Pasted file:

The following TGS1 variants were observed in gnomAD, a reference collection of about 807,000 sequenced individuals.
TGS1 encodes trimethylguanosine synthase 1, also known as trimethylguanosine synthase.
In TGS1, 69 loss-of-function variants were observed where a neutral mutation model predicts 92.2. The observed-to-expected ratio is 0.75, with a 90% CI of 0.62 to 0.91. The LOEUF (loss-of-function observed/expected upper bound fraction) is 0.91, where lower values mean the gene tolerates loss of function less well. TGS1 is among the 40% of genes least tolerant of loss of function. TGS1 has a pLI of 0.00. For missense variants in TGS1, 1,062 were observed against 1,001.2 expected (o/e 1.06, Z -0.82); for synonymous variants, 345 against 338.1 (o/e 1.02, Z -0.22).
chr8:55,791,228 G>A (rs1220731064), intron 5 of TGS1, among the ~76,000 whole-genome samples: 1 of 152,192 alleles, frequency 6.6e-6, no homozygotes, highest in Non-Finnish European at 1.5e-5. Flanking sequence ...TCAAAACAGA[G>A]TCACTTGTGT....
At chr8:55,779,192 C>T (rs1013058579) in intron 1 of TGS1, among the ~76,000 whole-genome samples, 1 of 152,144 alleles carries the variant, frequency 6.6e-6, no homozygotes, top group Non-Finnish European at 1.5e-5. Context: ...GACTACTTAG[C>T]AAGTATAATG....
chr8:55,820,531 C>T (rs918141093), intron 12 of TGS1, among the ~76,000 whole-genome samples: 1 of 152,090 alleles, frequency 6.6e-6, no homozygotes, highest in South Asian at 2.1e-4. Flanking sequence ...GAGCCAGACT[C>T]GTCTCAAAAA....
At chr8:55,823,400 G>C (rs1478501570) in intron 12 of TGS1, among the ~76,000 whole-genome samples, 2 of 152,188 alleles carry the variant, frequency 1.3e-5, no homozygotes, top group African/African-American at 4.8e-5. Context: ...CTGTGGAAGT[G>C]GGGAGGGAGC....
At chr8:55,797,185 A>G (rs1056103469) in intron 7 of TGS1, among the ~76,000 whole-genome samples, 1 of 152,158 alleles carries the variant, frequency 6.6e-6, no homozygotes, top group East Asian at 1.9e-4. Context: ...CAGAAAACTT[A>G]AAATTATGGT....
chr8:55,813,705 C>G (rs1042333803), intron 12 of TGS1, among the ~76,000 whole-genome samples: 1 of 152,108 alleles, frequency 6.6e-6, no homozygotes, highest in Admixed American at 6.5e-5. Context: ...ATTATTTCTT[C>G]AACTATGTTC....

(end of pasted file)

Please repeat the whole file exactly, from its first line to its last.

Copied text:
The following TGS1 variants were observed in gnomAD, a reference collection of about 807,000 sequenced individuals.
TGS1 encodes trimethylguanosine synthase 1, also known as trimethylguanosine synthase.
In TGS1, 69 loss-of-function variants were observed where a neutral mutation model predicts 92.2. The observed-to-expected ratio is 0.75, with a 90% CI of 0.62 to 0.91. The LOEUF (loss-of-function observed/expected upper bound fraction) is 0.91, where lower values mean the gene tolerates loss of function less well. TGS1 is among the 40% of genes least tolerant of loss of function. TGS1 has a pLI of 0.00. For missense variants in TGS1, 1,062 were observed against 1,001.2 expected (o/e 1.06, Z -0.82); for synonymous variants, 345 against 338.1 (o/e 1.02, Z -0.22).
chr8:55,791,228 G>A (rs1220731064), intron 5 of TGS1, among the ~76,000 whole-genome samples: 1 of 152,192 alleles, frequency 6.6e-6, no homozygotes, highest in Non-Finnish European at 1.5e-5. Flanking sequence ...TCAAAACAGA[G>A]TCACTTGTGT....
At chr8:55,779,192 C>T (rs1013058579) in intron 1 of TGS1, among the ~76,000 whole-genome samples, 1 of 152,144 alleles carries the variant, frequency 6.6e-6, no homozygotes, top group Non-Finnish European at 1.5e-5. Context: ...GACTACTTAG[C>T]AAGTATAATG....
chr8:55,820,531 C>T (rs918141093), intron 12 of TGS1, among the ~76,000 whole-genome samples: 1 of 152,090 alleles, frequency 6.6e-6, no homozygotes, highest in South Asian at 2.1e-4. Flanking sequence ...GAGCCAGACT[C>T]GTCTCAAAAA....
At chr8:55,823,400 G>C (rs1478501570) in intron 12 of TGS1, among the ~76,000 whole-genome samples, 2 of 152,188 alleles carry the variant, frequency 1.3e-5, no homozygotes, top group African/African-American at 4.8e-5. Context: ...CTGTGGAAGT[G>C]GGGAGGGAGC....
At chr8:55,797,185 A>G (rs1056103469) in intron 7 of TGS1, among the ~76,000 whole-genome samples, 1 of 152,158 alleles carries the variant, frequency 6.6e-6, no homozygotes, top group East Asian at 1.9e-4. Context: ...CAGAAAACTT[A>G]AAATTATGGT....
chr8:55,813,705 C>G (rs1042333803), intron 12 of TGS1, among the ~76,000 whole-genome samples: 1 of 152,108 alleles, frequency 6.6e-6, no homozygotes, highest in Admixed American at 6.5e-5. Context: ...ATTATTTCTT[C>G]AACTATGTTC....